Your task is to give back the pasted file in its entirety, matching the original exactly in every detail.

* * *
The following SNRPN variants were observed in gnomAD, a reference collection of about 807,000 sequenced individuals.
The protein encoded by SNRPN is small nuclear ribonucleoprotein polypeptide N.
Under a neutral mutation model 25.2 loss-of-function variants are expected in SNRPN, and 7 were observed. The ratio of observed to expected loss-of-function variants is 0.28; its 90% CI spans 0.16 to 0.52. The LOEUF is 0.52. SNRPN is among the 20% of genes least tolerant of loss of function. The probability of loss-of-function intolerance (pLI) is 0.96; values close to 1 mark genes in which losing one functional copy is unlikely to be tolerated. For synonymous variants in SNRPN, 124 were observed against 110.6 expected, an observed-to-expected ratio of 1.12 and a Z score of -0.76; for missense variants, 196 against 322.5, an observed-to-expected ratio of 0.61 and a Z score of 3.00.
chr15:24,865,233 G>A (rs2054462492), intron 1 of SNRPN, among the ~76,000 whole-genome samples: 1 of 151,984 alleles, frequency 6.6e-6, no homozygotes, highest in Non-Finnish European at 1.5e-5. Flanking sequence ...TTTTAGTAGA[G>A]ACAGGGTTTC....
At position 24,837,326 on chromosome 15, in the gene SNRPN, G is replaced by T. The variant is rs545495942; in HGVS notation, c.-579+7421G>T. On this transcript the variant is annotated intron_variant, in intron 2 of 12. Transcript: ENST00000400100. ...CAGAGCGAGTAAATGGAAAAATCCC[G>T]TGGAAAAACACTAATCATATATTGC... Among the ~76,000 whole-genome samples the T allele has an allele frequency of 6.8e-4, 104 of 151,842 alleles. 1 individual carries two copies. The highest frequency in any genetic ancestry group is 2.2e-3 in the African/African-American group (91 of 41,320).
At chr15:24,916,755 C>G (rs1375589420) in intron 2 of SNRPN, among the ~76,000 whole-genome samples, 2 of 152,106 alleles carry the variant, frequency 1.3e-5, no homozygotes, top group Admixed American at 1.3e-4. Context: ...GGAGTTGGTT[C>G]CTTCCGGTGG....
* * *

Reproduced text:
The following SNRPN variants were observed in gnomAD, a reference collection of about 807,000 sequenced individuals.
The protein encoded by SNRPN is small nuclear ribonucleoprotein polypeptide N.
Under a neutral mutation model 25.2 loss-of-function variants are expected in SNRPN, and 7 were observed. The ratio of observed to expected loss-of-function variants is 0.28; its 90% CI spans 0.16 to 0.52. The LOEUF is 0.52. SNRPN is among the 20% of genes least tolerant of loss of function. The probability of loss-of-function intolerance (pLI) is 0.96; values close to 1 mark genes in which losing one functional copy is unlikely to be tolerated. For synonymous variants in SNRPN, 124 were observed against 110.6 expected, an observed-to-expected ratio of 1.12 and a Z score of -0.76; for missense variants, 196 against 322.5, an observed-to-expected ratio of 0.61 and a Z score of 3.00.
chr15:24,865,233 G>A (rs2054462492), intron 1 of SNRPN, among the ~76,000 whole-genome samples: 1 of 151,984 alleles, frequency 6.6e-6, no homozygotes, highest in Non-Finnish European at 1.5e-5. Flanking sequence ...TTTTAGTAGA[G>A]ACAGGGTTTC....
At position 24,837,326 on chromosome 15, in the gene SNRPN, G is replaced by T. The variant is rs545495942; in HGVS notation, c.-579+7421G>T. On this transcript the variant is annotated intron_variant, in intron 2 of 12. Transcript: ENST00000400100. ...CAGAGCGAGTAAATGGAAAAATCCC[G>T]TGGAAAAACACTAATCATATATTGC... Among the ~76,000 whole-genome samples the T allele has an allele frequency of 6.8e-4, 104 of 151,842 alleles. 1 individual carries two copies. The highest frequency in any genetic ancestry group is 2.2e-3 in the African/African-American group (91 of 41,320).
At chr15:24,916,755 C>G (rs1375589420) in intron 2 of SNRPN, among the ~76,000 whole-genome samples, 2 of 152,106 alleles carry the variant, frequency 1.3e-5, no homozygotes, top group Admixed American at 1.3e-4. Context: ...GGAGTTGGTT[C>G]CTTCCGGTGG....